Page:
It’s been a rough fall for new network series. Unlike the 2016 season, this particular iteration of the annual ritual has seen more than its fair share of duds without a screw-the-critics megahit like This Is Us to show for it. (Unless you count Young Sheldon, but prequels to screw-the-critics megahits ought to be excluded.) CBS floated a reprehensible ode to the virtues of the tech-savvy, profit-driven private sector; ABC’s third attempt at a Marvel series got slammed as, among other things, “jaw-droppingly awful television.” And on Fox, Seth MacFarlane’s oddly earnest Star Trek homage The Orville was the kind of unnecessary venture only Family Guy could buy.
The flip side of this discouraging slate is that it’s easy to recommend the new series worth adding to your DVR queue. Really, there are two freshmen that qualify as the kind of joyful, compact comedy that broadcast continues to specialize in these days, but the appeal of Fox’s Ghosted—an X-Files–esque workplace comedy starring Craig Robinson and Adam Scott—is neatly summarized by “X-Files–esque workplace comedy starring Craig Robinson and Adam Scott.” The other, ABC’s The Mayor, is worth a more extended look, both as an effort with less-established sitcom stars and an intriguing expansion of its network’s comedy brand.
The Mayor premieres Tuesday night, though the network made its pilot available for free online for several weeks prior. (This is an increasingly common practice for new shows that distributors want to build word of mouth for. HBO’s The Deuce, a different series in almost every possible respect, adopted the same strategy prior to its on-air premiere.) It follows The Middle, Fresh Off the Boat, and Black-ish, three prime examples of the kind of sitcom ABC has expertly made its own over the past four years: single-camera, family-centric, and with a specific twist on an otherwise universal template. The Middle is about struggling to get by in the heartland; Fresh Off the Boat is an immigrant story with a heavy dose of ’90s nostalgia; Black-ish litigates Big Issues through the lens of one upwardly mobile black family in Los Angeles.
And that’s just Tuesday: On other nights, Speechless takes on disability, The Goldbergs Judaism and the ’80s, and American Housewife being plus size in Greenwich, Connecticut. ABC’s drama brand might be another story now that it’s down a Shonda Rhimes, but the broadcaster has gradually cultivated a comedy reputation for concepts that are timeless yet contemporary. Modern Family, the nine-season behemoth that presides over them all, has a title that handily doubles as a mission statement.
On its face, The Mayor doesn’t immediately fit into this well-defined subgenre. Its protagonist, an aspiring rapper named Courtney Rose (Brandon Micheal Hall), may live with his mother (Yvette Nicole Brown), a postal worker who occasionally abuses her power by nosing through other people’s mail. But as the name indicates, The Mayor isn’t centrally about their relationship; it’s about a run for mayor Courtney Rose initially launches as a promotional stunt that turns all too real when he wipes the floor with his debate competition (a consistently punchable David Spade). A rousing speech calling out municipal neglect wins him the race in a landslide. With the help of Lea Michele, essentially playing a grown-up version of Rachel Berry as Courtney Rose’s new chief of staff, Valentina, he sets about trying to improve the fictional Northern California town of Fort Grey.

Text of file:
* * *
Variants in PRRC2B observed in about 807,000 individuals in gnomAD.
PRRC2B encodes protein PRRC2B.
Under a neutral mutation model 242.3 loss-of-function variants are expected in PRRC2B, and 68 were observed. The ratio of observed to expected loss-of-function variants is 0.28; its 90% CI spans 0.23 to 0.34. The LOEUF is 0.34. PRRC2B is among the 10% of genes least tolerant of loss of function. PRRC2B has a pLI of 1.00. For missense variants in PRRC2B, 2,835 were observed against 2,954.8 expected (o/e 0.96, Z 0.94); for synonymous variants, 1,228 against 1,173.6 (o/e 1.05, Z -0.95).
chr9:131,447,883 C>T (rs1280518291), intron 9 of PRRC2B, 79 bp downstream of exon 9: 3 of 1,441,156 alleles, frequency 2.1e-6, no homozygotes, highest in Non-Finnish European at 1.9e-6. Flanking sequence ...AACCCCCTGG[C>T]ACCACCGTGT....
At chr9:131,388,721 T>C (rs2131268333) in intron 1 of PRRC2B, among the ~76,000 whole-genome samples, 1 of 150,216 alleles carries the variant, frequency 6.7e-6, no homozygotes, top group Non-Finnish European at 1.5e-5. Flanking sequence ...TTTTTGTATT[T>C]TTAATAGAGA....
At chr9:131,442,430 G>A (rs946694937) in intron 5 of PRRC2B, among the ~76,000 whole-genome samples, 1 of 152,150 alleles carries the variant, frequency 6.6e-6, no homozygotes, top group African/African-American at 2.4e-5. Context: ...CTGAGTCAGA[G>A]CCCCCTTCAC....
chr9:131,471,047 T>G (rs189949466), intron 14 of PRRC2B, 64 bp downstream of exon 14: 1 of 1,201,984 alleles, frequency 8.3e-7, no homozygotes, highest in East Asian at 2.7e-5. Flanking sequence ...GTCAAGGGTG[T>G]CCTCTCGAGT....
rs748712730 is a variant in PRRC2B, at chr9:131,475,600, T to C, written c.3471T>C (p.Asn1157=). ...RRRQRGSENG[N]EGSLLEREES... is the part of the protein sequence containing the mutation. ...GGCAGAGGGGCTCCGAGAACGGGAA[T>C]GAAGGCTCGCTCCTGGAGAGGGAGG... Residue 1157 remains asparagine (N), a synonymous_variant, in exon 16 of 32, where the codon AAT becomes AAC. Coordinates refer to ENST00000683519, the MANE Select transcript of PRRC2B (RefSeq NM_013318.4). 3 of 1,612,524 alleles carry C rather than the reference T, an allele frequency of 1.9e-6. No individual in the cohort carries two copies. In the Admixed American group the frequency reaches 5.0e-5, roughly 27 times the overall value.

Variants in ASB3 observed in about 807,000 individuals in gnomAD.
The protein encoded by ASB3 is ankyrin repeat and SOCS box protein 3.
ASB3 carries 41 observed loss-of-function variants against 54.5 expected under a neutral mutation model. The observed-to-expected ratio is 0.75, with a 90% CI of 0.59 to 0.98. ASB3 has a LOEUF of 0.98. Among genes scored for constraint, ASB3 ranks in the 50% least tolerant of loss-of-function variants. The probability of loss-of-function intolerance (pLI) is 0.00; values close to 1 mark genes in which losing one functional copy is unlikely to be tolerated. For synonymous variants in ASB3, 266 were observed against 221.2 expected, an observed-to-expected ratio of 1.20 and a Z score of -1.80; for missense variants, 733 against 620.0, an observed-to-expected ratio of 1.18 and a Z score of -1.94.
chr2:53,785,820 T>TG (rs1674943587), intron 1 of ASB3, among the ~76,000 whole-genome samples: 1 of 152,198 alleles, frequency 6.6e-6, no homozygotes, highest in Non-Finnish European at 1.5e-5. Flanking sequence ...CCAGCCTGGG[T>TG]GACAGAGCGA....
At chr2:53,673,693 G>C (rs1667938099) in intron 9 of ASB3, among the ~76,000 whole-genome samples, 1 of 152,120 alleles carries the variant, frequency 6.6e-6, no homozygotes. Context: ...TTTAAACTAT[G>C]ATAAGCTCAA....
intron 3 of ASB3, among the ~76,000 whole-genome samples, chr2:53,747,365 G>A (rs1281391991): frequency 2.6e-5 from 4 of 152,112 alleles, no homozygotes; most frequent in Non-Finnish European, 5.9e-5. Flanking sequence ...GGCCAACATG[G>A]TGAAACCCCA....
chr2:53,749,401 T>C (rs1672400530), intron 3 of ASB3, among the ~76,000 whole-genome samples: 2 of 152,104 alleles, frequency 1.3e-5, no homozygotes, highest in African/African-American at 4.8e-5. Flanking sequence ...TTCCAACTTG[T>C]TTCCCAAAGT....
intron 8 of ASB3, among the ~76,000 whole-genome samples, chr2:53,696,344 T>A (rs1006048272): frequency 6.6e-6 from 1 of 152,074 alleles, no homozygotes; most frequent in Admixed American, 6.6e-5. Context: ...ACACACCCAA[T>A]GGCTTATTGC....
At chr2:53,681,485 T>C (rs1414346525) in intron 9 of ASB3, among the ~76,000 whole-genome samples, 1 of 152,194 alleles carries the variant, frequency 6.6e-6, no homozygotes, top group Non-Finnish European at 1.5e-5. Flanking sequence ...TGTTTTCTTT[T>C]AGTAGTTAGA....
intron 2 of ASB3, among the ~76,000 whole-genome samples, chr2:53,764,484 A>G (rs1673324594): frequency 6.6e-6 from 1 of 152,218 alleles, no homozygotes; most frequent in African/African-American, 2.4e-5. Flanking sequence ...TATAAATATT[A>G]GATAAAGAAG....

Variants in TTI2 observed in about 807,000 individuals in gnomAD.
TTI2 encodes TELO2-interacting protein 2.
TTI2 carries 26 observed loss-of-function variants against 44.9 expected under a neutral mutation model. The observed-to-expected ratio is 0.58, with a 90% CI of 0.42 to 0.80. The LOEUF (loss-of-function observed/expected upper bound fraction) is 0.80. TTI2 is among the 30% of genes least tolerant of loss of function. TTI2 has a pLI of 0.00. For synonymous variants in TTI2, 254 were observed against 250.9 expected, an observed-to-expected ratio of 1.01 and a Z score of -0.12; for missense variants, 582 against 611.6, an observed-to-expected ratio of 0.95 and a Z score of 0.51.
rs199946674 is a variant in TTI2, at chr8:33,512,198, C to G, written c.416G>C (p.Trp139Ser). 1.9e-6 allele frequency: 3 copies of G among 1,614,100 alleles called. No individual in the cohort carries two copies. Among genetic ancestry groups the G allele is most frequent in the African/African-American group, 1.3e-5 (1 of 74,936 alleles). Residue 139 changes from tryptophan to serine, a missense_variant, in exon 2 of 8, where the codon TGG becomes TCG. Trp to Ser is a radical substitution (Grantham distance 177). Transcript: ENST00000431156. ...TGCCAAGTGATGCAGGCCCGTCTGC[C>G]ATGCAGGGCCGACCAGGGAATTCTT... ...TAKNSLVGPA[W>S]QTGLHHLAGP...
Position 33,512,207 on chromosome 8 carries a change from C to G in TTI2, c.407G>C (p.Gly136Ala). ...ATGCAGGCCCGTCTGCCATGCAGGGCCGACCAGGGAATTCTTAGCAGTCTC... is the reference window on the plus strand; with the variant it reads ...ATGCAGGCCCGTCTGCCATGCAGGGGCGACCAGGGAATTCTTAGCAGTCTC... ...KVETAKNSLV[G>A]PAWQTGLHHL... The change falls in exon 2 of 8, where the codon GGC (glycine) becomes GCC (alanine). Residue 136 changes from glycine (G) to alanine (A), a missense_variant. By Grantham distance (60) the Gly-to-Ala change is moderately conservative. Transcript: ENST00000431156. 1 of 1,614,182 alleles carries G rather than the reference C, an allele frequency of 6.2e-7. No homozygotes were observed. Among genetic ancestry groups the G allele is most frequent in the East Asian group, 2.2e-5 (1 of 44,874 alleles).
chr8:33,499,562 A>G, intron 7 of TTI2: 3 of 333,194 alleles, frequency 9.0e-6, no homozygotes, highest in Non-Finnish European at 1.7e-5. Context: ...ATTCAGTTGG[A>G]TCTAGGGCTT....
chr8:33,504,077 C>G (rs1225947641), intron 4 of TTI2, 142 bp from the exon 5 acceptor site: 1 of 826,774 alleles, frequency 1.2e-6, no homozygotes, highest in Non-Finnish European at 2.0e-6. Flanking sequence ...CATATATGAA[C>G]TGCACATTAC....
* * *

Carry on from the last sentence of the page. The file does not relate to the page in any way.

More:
In 2017 “joke candidacy turned shocking upset” sounds more like a premise for a season of American Horror Story than a lighthearted half-hour, and the pilot does have its share of winking one-liners that nod at current events. But in the hands of creator Jeremy Bronson—formerly of Speechless, The Mindy Project, and The Tonight Show Starring Jimmy Fallon—lighthearted and optimistic are precisely what The Mayor is. There’s also an earnestness that underlies the froth, meaning The Mayor works as a hopeful alternative to the prevailing mood of political cynicism as well as a reliable source of laughs. Bronson injects Parks and Recreation–style civic idealism to ABC’s already well-established ability to handle tricky subjects with heart. By premiere’s end, Courtney Rose has chosen to fully commit himself to his elected office, and a potentially condescending gag has recalibrated into a surprisingly sweet exploration of community leadership.
Some old-school tropes abound; Courtney Rose’s outsider and Valentina’s seasoned pro have a sparring, yet mutually impressed dynamic that screams will-they-won’t-they-you-already-know-they-will. Yet The Mayor adds some genuinely novel overtones to its tried-and-true framework. Race isn’t openly discussed much in the pilot, something I hope will change in the coming weeks, but a white establishment politician’s blatant ignorance of a public park’s state of disarray speaks to how divorced most of Fort Grey’s supposed civil servants are from the lived realities of their constituents, many of whom are people of color. Courtney Rose wins over the city not just because he’s charismatic and funny—which, thanks to Hall’s performance, he is—but also because he promises to be aware of and responsive to the community’s needs where other leaders have simply offered platitudes.
The Mayor’s respect for Fort Grey and its citizens, an intriguing contrast with even Parks and Rec’s cast of grouchy, irrational townspeople, shows up in surprising ways: The pilot, directed by sitcom veteran James Griffiths, is handsomely photographed in a way that feels more premium cable than candy-colored soundstage. (Tina Mabry, of Insecure, Queen Sugar, and Dear White People, helmed a future episode.) Taken together, The Mayor’s style, themes, and characters suggest a well-suited vehicle for barbed political commentary and goofy fish-out-of-water humor alike. Pilots are all about potential, and The Mayor has enough that I’ll be watching it carefully.